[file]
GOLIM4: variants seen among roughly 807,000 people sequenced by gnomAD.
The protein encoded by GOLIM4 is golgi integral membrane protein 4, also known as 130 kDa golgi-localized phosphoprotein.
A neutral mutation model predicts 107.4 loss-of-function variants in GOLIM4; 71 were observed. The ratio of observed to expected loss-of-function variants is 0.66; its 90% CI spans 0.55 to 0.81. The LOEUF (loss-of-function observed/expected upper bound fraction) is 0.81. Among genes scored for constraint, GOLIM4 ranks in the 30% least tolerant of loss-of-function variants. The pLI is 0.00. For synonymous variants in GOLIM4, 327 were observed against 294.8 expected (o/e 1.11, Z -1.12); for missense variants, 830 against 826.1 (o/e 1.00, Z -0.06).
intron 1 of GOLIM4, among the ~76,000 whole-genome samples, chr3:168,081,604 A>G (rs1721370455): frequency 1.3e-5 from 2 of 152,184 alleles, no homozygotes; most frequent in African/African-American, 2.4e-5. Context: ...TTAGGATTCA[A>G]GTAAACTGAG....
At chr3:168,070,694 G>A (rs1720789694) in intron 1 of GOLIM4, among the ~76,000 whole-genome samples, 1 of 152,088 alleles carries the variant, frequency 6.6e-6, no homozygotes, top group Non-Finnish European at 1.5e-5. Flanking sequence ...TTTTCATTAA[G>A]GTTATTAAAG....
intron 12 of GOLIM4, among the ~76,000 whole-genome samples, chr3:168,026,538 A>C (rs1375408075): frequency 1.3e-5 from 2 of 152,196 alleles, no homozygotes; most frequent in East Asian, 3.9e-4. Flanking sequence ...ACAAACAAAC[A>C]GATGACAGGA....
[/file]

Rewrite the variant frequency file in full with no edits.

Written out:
GOLIM4: variants seen among roughly 807,000 people sequenced by gnomAD.
The protein encoded by GOLIM4 is golgi integral membrane protein 4, also known as 130 kDa golgi-localized phosphoprotein.
A neutral mutation model predicts 107.4 loss-of-function variants in GOLIM4; 71 were observed. The ratio of observed to expected loss-of-function variants is 0.66; its 90% CI spans 0.55 to 0.81. The LOEUF (loss-of-function observed/expected upper bound fraction) is 0.81. Among genes scored for constraint, GOLIM4 ranks in the 30% least tolerant of loss-of-function variants. The pLI is 0.00. For synonymous variants in GOLIM4, 327 were observed against 294.8 expected (o/e 1.11, Z -1.12); for missense variants, 830 against 826.1 (o/e 1.00, Z -0.06).
intron 1 of GOLIM4, among the ~76,000 whole-genome samples, chr3:168,081,604 A>G (rs1721370455): frequency 1.3e-5 from 2 of 152,184 alleles, no homozygotes; most frequent in African/African-American, 2.4e-5. Context: ...TTAGGATTCA[A>G]GTAAACTGAG....
At chr3:168,070,694 G>A (rs1720789694) in intron 1 of GOLIM4, among the ~76,000 whole-genome samples, 1 of 152,088 alleles carries the variant, frequency 6.6e-6, no homozygotes, top group Non-Finnish European at 1.5e-5. Flanking sequence ...TTTTCATTAA[G>A]GTTATTAAAG....
intron 12 of GOLIM4, among the ~76,000 whole-genome samples, chr3:168,026,538 A>C (rs1375408075): frequency 1.3e-5 from 2 of 152,196 alleles, no homozygotes; most frequent in East Asian, 3.9e-4. Flanking sequence ...ACAAACAAAC[A>C]GATGACAGGA....